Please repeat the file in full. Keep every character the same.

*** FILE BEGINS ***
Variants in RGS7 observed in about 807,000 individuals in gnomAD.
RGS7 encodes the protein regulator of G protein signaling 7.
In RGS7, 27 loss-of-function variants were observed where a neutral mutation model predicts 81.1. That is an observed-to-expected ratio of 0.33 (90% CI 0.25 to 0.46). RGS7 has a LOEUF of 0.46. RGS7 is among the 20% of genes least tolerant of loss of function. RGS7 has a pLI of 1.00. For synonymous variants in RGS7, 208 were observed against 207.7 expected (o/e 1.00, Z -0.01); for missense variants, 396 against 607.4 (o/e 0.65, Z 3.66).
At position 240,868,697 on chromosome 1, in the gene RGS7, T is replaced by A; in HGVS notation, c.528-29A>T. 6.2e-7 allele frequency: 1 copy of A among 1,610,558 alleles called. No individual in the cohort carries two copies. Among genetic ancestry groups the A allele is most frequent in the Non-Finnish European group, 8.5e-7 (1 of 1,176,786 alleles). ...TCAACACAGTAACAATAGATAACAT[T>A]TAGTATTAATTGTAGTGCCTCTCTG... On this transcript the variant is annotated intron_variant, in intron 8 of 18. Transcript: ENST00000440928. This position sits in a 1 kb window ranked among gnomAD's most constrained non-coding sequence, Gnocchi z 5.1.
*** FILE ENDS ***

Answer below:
Variants in RGS7 observed in about 807,000 individuals in gnomAD.
RGS7 encodes the protein regulator of G protein signaling 7.
In RGS7, 27 loss-of-function variants were observed where a neutral mutation model predicts 81.1. That is an observed-to-expected ratio of 0.33 (90% CI 0.25 to 0.46). RGS7 has a LOEUF of 0.46. RGS7 is among the 20% of genes least tolerant of loss of function. RGS7 has a pLI of 1.00. For synonymous variants in RGS7, 208 were observed against 207.7 expected (o/e 1.00, Z -0.01); for missense variants, 396 against 607.4 (o/e 0.65, Z 3.66).
At position 240,868,697 on chromosome 1, in the gene RGS7, T is replaced by A; in HGVS notation, c.528-29A>T. 6.2e-7 allele frequency: 1 copy of A among 1,610,558 alleles called. No individual in the cohort carries two copies. Among genetic ancestry groups the A allele is most frequent in the Non-Finnish European group, 8.5e-7 (1 of 1,176,786 alleles). ...TCAACACAGTAACAATAGATAACAT[T>A]TAGTATTAATTGTAGTGCCTCTCTG... On this transcript the variant is annotated intron_variant, in intron 8 of 18. Transcript: ENST00000440928. This position sits in a 1 kb window ranked among gnomAD's most constrained non-coding sequence, Gnocchi z 5.1.